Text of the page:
T.A.G., Talented and Gifted, Challenge, SAGE, MILE; the “gifted” program goes by many names.
Many students will remember this program from their elementary school years as a single test that could be taken as early as kindergarten and would determine the fate of their elementary and secondary education from that point on.
The program champions unique learning opportunities for students who score high enough on the test, lauding them as “exceptional” and “advanced” in academic, creative and social facets.
Following the test, the students who scored high enough to be considered “gifted” are placed in different classes and told that their “advanced abilities” make them “exceptional” in the eyes of the education system.
From that moment on, “gifted” will be a label that follows them until their high school graduation. Special treatment for being more intelligent than your classmates might seem great from an outside perspective.
Still, over the years, a rising number of “ex-gifted kids” have been taking to social media platforms such as Tumblr and TikTok to shed light on what happens after students leave the elementary TAG programs.
The ideology surrounding “gifted” kids throughout the elementary school years is one of continued accreditation.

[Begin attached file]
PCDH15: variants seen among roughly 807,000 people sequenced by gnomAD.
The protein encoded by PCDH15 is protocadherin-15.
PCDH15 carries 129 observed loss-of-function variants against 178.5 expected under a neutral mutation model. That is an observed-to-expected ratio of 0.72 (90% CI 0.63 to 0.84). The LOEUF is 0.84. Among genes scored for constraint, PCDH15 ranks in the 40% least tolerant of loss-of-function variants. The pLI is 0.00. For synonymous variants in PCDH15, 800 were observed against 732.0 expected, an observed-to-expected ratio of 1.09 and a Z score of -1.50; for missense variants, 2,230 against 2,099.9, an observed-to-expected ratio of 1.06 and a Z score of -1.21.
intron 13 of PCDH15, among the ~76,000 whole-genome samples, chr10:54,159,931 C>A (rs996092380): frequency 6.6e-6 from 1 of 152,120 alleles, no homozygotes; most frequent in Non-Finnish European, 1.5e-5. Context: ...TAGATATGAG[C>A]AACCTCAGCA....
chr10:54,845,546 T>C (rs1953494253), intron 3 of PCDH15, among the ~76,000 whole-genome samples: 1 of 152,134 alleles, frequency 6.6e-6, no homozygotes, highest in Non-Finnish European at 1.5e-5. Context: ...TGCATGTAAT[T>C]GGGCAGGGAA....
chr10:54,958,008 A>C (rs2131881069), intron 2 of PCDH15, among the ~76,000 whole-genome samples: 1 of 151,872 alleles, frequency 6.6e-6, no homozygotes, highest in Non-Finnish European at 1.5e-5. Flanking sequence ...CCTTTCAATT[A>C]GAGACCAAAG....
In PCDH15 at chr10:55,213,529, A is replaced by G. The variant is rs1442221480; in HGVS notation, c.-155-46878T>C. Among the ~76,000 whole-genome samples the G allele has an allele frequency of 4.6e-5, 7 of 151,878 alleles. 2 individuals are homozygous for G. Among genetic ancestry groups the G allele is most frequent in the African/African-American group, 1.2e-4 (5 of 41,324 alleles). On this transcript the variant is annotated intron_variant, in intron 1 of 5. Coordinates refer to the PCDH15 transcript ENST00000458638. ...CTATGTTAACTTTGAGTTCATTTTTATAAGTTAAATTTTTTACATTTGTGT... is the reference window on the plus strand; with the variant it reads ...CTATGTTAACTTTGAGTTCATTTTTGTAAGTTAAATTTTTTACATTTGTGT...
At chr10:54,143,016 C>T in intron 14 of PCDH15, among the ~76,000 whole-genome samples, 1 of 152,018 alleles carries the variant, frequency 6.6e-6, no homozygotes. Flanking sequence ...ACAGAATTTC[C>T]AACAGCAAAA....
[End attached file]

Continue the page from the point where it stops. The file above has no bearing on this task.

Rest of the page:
TAG kids have unbounded potential. They excel in school and social settings alike. They are mature and self-driven. They are going to make it in life. They are, to put it simply, different.
As a young child, these ideas are internalized and cemented as irrefutable facts.
Before they even leave elementary education, these ideas can oust “gifted” kids from their classmates who didn’t make it into the program. There is a distinct divide between the two groups, which might come from the practice of openly calling one “intellectually and socially advanced” compared to the other.
While the TAG kids get to build relationships with their other “gifted” peers, they inherently miss out on opportunities to form relationships with the rest of their classmates.
Feelings of being “inferior” to “gifted” kids can also lead to self-esteem problems in students who did not make it into a TAG program.
When the time comes for “gifted” kids to leave the programs of kindergarten through fifth grade, they soon face the negative side of the TAG program.
A recurring theme amongst many of the “ex-gifted kid” social media posts is how the TAG program failed to set students up for success later in their education. The program neglected to teach helpful study habits, instead focusing on simply telling students how smart they were.
This practice was backed by the straight As of success in educational material that was easier for the “gifted” kids.
Exceptional grades are commonplace for elementary school TAG kids because the material they are learning is not as advanced as they are at that time. As a result, many “gifted” students grow accustomed to earning high grades with little-to-no effort. However, as they transition to middle and high school, the material they were learning began to match their abilities, and it may even surpass them.